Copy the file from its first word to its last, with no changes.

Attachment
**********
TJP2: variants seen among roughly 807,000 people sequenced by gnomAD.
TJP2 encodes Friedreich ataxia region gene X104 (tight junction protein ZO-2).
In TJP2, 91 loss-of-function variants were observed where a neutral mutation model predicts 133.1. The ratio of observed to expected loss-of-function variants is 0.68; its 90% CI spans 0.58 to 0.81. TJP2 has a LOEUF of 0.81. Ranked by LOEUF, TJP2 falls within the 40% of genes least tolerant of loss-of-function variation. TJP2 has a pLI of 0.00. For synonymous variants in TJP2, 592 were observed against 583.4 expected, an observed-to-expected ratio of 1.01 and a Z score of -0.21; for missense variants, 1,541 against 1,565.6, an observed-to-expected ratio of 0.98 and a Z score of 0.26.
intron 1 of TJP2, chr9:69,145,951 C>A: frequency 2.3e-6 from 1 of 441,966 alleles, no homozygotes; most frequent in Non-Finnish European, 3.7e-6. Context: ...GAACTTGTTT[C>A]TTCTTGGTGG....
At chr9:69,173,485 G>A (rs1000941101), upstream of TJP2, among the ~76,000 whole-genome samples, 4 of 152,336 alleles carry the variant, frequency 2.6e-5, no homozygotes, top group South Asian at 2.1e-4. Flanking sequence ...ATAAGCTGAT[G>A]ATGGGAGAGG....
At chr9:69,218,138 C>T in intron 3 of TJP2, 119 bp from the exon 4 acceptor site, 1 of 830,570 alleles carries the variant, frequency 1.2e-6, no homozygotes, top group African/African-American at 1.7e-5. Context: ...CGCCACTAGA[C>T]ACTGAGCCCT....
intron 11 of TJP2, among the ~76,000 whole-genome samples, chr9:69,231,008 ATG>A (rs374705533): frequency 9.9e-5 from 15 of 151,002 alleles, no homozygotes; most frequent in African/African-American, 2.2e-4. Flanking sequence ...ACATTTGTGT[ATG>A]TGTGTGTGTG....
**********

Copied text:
TJP2: variants seen among roughly 807,000 people sequenced by gnomAD.
TJP2 encodes Friedreich ataxia region gene X104 (tight junction protein ZO-2).
In TJP2, 91 loss-of-function variants were observed where a neutral mutation model predicts 133.1. The ratio of observed to expected loss-of-function variants is 0.68; its 90% CI spans 0.58 to 0.81. TJP2 has a LOEUF of 0.81. Ranked by LOEUF, TJP2 falls within the 40% of genes least tolerant of loss-of-function variation. TJP2 has a pLI of 0.00. For synonymous variants in TJP2, 592 were observed against 583.4 expected, an observed-to-expected ratio of 1.01 and a Z score of -0.21; for missense variants, 1,541 against 1,565.6, an observed-to-expected ratio of 0.98 and a Z score of 0.26.
intron 1 of TJP2, chr9:69,145,951 C>A: frequency 2.3e-6 from 1 of 441,966 alleles, no homozygotes; most frequent in Non-Finnish European, 3.7e-6. Context: ...GAACTTGTTT[C>A]TTCTTGGTGG....
At chr9:69,173,485 G>A (rs1000941101), upstream of TJP2, among the ~76,000 whole-genome samples, 4 of 152,336 alleles carry the variant, frequency 2.6e-5, no homozygotes, top group South Asian at 2.1e-4. Flanking sequence ...ATAAGCTGAT[G>A]ATGGGAGAGG....
At chr9:69,218,138 C>T in intron 3 of TJP2, 119 bp from the exon 4 acceptor site, 1 of 830,570 alleles carries the variant, frequency 1.2e-6, no homozygotes, top group African/African-American at 1.7e-5. Context: ...CGCCACTAGA[C>T]ACTGAGCCCT....
intron 11 of TJP2, among the ~76,000 whole-genome samples, chr9:69,231,008 ATG>A (rs374705533): frequency 9.9e-5 from 15 of 151,002 alleles, no homozygotes; most frequent in African/African-American, 2.2e-4. Flanking sequence ...ACATTTGTGT[ATG>A]TGTGTGTGTG....